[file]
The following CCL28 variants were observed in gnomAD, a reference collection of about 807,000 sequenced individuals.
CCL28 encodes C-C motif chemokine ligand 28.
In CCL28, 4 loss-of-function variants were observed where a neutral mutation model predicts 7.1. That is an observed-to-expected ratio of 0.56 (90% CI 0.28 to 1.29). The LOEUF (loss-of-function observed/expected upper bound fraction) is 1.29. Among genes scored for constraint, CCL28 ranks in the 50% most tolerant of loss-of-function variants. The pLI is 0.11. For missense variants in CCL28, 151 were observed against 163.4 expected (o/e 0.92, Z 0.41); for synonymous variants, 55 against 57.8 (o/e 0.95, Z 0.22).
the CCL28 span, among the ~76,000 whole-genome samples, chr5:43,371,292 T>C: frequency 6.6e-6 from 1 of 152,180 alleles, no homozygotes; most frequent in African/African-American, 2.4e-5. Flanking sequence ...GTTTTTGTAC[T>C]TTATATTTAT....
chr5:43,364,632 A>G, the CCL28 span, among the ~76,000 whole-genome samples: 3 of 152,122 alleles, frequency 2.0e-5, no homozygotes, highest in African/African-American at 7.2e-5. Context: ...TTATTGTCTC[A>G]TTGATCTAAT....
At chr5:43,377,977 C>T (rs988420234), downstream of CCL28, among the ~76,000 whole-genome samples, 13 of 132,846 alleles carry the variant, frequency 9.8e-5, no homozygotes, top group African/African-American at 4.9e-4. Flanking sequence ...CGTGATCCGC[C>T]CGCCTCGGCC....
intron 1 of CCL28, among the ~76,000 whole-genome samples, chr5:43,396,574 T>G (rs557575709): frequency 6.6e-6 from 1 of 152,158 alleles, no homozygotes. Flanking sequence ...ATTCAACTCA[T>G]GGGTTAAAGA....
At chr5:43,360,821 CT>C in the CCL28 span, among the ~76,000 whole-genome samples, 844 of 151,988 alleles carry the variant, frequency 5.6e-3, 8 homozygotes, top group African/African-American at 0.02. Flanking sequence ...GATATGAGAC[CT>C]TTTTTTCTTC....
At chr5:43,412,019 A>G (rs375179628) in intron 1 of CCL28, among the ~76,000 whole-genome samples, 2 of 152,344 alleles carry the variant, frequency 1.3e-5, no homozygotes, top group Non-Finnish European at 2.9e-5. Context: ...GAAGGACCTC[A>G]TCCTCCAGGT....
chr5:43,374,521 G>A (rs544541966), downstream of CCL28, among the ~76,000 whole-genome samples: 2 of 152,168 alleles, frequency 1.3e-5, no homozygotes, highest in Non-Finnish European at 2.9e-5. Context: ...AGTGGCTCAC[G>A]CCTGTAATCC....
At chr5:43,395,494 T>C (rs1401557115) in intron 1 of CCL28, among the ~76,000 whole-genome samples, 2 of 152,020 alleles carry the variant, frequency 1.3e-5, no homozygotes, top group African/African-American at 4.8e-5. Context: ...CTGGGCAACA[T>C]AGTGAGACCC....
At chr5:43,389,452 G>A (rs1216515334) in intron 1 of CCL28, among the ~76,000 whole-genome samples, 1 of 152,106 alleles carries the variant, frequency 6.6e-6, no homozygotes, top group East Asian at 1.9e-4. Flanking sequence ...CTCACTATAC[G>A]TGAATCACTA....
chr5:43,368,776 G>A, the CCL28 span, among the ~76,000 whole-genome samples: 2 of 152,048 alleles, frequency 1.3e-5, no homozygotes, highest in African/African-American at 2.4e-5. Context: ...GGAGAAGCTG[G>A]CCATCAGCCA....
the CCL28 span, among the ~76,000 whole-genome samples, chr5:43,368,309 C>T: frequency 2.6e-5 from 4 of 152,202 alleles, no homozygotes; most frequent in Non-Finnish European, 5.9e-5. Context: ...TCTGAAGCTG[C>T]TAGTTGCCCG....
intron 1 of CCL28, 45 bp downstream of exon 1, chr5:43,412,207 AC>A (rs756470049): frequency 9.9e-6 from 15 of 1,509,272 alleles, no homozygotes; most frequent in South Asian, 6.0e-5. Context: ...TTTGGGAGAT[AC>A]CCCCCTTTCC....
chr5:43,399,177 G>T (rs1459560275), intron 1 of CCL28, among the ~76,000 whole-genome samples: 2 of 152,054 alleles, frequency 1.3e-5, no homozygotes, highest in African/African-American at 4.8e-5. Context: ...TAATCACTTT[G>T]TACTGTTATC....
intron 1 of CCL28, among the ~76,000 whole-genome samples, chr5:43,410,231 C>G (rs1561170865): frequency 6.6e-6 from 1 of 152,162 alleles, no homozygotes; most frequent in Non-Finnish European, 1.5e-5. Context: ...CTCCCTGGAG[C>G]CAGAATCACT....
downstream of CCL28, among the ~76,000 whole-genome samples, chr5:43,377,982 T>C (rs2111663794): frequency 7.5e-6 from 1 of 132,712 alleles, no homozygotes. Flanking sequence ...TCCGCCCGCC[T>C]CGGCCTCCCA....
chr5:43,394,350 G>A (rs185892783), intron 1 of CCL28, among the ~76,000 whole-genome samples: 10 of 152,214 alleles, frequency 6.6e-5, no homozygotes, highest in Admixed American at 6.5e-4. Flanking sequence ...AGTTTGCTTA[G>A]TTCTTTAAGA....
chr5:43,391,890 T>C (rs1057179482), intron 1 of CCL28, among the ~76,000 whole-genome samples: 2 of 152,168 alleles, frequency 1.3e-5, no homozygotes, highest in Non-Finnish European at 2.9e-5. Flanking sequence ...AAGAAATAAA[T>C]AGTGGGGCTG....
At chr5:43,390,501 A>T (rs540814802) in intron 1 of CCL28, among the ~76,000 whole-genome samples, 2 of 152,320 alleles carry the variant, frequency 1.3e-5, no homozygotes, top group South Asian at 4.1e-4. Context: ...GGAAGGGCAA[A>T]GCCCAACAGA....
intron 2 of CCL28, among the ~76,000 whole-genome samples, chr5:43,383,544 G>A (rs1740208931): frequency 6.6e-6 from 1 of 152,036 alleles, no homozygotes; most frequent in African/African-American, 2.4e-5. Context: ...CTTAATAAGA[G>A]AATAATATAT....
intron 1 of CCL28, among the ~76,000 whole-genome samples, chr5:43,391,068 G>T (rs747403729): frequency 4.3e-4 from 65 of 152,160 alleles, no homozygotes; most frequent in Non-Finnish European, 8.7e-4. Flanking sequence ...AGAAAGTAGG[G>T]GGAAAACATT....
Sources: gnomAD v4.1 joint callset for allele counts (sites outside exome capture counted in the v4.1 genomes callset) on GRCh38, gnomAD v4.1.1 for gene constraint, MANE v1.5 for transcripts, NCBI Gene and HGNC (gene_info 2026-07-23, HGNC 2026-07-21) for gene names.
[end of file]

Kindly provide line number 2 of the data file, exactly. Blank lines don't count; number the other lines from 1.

CCL28 encodes C-C motif chemokine ligand 28.